Positive Youth Development (PYD) may provide a meta-theory to wilderness therapy programs that are in need of greater theoretical clarity to conceptualize their work with youth. PYD has growing influence as an alternative to the problem oriented models youth intervention programs traditionally use I conducted this study to explore how familiar wilderness therapy programs were with PYD concepts and to help programs consider the value of adopting PYD as a theoretical orientation for their youth intervention programs. The current study was based on a review and analysis of three program evaluations involving interviews with program administrators, clinicians, and field instructors from each wilderness program. Program evaluations included an analysis of the programs' theory of change and mission and a Q-sort task ranking the importance of12 PYD concepts to their program. Results showed that wilderness therapy programs implicitly incorporate PYD concepts into their program theory of change and practices, but lacked an explicit awareness of PYD concepts. Without an explicit awareness these programs followed PYD practices without a conceptual basis for their systematic use within the program. The implicit references to PYD concepts suggest that PYD makes sense for wilderness therapy programs and could provide a theory of change that would help organize wilderness therapy programs' theoretical understanding, bolster their relationship with the field of psychology, and provide direction for outcome research.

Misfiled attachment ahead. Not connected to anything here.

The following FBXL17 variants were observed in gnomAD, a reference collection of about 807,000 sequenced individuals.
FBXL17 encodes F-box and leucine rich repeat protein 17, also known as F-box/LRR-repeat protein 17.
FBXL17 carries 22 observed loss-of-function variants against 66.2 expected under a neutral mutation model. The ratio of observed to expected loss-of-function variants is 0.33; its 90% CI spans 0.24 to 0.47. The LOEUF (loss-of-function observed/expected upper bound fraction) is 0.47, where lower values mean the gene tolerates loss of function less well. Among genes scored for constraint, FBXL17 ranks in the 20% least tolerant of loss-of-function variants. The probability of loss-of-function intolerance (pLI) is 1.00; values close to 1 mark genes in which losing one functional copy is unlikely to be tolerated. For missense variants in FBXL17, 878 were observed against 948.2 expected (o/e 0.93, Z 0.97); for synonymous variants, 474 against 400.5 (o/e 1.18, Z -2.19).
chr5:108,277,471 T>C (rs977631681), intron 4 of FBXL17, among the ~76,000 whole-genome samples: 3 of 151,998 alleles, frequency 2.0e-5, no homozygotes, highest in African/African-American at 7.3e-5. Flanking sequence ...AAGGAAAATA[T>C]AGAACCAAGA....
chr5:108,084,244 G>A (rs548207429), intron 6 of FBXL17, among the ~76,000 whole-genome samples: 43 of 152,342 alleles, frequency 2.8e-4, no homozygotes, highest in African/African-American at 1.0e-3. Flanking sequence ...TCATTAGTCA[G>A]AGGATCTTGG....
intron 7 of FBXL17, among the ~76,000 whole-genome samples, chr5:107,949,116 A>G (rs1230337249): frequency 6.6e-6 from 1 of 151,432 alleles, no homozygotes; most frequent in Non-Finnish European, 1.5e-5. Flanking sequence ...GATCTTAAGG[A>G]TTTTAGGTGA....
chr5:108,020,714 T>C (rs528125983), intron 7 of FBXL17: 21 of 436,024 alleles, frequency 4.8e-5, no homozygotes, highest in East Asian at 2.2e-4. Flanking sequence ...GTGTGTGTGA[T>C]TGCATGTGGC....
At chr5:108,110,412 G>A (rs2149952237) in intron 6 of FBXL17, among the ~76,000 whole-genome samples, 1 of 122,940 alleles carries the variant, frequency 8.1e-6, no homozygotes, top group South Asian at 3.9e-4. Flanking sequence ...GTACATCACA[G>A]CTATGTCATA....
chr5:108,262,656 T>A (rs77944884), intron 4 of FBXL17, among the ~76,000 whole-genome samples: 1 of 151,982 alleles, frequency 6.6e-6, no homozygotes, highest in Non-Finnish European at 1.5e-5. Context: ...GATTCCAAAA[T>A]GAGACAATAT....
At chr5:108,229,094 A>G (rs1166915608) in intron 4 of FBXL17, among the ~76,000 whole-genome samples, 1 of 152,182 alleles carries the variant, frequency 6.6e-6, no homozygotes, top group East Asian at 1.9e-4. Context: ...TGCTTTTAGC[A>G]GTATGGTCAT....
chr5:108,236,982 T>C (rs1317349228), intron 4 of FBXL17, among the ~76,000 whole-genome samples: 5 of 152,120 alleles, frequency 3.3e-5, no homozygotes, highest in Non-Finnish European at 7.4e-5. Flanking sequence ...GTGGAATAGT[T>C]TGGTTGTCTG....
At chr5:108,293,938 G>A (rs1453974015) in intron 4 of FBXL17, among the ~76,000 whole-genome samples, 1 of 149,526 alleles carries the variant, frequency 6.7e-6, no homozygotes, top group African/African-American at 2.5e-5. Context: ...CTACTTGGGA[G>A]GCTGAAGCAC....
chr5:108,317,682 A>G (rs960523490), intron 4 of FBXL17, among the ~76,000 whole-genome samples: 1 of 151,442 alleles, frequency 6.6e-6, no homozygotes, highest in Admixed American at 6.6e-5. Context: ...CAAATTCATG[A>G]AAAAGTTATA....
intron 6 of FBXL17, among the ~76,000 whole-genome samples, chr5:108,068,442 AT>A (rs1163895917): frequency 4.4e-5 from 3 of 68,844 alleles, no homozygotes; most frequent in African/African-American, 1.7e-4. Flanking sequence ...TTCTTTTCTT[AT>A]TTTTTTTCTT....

|Advisor:||Furrow, James L.|
|School:||Fuller Theological Seminary, School of Psychology|
|School Location:||United States -- California|
|Source:||DAI-B 74/03(E), Dissertation Abstracts International|
|Subjects:||Developmental psychology, Clinical psychology|
|Keywords:||Positive youth development, Program evaluation, Thriving, Wilderness therapy|
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